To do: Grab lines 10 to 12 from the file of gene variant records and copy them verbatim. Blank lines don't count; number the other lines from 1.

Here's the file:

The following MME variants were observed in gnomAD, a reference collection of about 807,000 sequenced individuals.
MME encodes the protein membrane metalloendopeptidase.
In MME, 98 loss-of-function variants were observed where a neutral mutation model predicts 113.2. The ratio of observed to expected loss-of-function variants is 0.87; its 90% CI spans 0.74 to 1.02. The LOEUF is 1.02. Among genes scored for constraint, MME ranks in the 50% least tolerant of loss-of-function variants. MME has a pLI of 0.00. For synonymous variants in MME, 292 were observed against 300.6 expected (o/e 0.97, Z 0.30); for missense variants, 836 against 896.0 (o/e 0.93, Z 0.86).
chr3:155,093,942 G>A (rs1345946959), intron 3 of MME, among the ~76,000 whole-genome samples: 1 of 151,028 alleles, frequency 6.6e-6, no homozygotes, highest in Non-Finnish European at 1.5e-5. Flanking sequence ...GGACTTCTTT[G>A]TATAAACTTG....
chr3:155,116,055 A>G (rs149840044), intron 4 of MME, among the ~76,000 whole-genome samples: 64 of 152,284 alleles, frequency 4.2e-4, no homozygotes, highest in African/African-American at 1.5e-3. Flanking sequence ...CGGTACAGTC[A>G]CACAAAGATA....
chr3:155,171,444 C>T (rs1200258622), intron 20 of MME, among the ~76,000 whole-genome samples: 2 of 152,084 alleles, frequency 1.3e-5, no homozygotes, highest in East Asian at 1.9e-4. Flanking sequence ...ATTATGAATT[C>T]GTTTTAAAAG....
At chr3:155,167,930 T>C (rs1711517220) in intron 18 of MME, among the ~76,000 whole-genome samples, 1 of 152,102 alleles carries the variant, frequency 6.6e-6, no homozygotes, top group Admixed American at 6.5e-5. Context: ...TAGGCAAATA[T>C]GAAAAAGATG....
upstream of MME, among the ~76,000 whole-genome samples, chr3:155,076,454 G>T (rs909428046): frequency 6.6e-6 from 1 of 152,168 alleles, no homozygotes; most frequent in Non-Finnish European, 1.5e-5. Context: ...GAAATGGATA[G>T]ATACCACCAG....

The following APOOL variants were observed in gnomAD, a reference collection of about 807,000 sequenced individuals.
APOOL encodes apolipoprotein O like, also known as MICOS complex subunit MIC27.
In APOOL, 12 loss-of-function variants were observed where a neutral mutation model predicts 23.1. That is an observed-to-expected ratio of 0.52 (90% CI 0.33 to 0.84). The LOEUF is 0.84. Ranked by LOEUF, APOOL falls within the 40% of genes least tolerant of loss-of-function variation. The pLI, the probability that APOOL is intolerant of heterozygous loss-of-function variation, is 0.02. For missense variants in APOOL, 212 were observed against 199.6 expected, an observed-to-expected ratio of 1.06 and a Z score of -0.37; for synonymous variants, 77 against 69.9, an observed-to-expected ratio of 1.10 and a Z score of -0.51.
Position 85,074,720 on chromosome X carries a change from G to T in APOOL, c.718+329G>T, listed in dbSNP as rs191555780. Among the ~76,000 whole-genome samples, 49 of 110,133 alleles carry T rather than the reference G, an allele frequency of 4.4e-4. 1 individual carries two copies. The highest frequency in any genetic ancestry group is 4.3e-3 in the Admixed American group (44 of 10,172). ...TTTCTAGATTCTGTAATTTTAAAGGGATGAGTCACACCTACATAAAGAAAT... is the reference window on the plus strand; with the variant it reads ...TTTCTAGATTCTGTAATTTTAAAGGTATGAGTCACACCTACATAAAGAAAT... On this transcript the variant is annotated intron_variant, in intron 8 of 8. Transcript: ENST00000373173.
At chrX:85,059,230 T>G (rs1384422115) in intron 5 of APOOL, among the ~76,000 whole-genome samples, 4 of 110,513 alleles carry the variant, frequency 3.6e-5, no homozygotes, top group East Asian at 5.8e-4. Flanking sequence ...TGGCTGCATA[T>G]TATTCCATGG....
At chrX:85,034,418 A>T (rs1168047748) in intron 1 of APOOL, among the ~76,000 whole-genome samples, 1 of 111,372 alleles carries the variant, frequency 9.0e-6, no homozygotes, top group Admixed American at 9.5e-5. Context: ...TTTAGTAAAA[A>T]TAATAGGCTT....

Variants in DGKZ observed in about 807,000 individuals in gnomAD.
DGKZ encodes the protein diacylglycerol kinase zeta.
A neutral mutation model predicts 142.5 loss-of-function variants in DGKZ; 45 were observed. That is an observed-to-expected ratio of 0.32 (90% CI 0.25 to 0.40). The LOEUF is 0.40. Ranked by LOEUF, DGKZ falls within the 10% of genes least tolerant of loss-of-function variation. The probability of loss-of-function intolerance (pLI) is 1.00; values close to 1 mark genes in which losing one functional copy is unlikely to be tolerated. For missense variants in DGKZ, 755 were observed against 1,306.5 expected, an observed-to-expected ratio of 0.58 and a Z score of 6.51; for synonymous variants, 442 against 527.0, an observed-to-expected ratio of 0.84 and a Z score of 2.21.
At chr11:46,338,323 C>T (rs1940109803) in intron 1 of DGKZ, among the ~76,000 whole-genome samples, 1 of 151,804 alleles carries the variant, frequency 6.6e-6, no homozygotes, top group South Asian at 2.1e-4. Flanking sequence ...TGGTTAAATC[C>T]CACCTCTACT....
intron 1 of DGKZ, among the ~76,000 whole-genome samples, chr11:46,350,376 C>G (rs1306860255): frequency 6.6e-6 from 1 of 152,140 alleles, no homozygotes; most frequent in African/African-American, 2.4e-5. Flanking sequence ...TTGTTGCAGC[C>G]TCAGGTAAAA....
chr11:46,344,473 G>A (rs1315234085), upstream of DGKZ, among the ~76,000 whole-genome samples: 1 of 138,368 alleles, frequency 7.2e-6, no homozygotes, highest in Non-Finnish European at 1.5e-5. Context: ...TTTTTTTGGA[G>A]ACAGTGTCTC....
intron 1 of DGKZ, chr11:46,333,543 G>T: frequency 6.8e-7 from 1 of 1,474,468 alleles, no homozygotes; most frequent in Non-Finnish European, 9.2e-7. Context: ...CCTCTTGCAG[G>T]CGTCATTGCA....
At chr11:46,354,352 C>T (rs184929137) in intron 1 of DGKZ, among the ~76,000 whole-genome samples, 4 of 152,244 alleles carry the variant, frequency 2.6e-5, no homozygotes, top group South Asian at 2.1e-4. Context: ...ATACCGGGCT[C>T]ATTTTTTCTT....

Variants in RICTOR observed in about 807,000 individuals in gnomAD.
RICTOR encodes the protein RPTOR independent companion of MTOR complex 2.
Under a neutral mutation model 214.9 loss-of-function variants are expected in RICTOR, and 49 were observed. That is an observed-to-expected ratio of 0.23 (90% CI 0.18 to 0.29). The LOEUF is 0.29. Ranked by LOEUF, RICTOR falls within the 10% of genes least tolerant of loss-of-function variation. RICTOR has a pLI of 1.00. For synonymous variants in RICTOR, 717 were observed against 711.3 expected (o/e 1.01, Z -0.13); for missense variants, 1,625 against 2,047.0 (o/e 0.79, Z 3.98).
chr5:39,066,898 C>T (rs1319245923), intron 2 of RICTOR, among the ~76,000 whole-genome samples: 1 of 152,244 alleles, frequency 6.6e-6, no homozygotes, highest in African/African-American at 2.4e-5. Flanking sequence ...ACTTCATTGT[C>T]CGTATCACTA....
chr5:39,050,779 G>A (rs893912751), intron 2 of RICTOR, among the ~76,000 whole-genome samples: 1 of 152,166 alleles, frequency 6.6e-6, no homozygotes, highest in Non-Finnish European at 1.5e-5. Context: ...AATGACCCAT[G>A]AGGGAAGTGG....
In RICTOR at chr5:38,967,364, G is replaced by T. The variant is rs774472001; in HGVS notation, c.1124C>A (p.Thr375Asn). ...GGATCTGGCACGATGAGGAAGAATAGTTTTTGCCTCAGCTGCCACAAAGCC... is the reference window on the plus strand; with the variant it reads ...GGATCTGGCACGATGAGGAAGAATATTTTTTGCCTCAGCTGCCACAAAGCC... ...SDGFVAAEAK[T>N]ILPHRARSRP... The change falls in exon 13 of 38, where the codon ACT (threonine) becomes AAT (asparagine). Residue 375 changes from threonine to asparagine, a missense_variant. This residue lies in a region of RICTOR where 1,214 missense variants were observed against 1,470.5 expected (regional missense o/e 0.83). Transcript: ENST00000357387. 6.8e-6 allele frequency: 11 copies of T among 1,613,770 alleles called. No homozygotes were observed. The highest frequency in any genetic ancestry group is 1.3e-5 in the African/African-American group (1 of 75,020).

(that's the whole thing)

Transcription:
APOOL encodes apolipoprotein O like, also known as MICOS complex subunit MIC27.
In APOOL, 12 loss-of-function variants were observed where a neutral mutation model predicts 23.1. That is an observed-to-expected ratio of 0.52 (90% CI 0.33 to 0.84). The LOEUF is 0.84. Ranked by LOEUF, APOOL falls within the 40% of genes least tolerant of loss-of-function variation. The pLI, the probability that APOOL is intolerant of heterozygous loss-of-function variation, is 0.02. For missense variants in APOOL, 212 were observed against 199.6 expected, an observed-to-expected ratio of 1.06 and a Z score of -0.37; for synonymous variants, 77 against 69.9, an observed-to-expected ratio of 1.10 and a Z score of -0.51.
Position 85,074,720 on chromosome X carries a change from G to T in APOOL, c.718+329G>T, listed in dbSNP as rs191555780. Among the ~76,000 whole-genome samples, 49 of 110,133 alleles carry T rather than the reference G, an allele frequency of 4.4e-4. 1 individual carries two copies. The highest frequency in any genetic ancestry group is 4.3e-3 in the Admixed American group (44 of 10,172). ...TTTCTAGATTCTGTAATTTTAAAGGGATGAGTCACACCTACATAAAGAAAT... is the reference window on the plus strand; with the variant it reads ...TTTCTAGATTCTGTAATTTTAAAGGTATGAGTCACACCTACATAAAGAAAT... On this transcript the variant is annotated intron_variant, in intron 8 of 8. Transcript: ENST00000373173.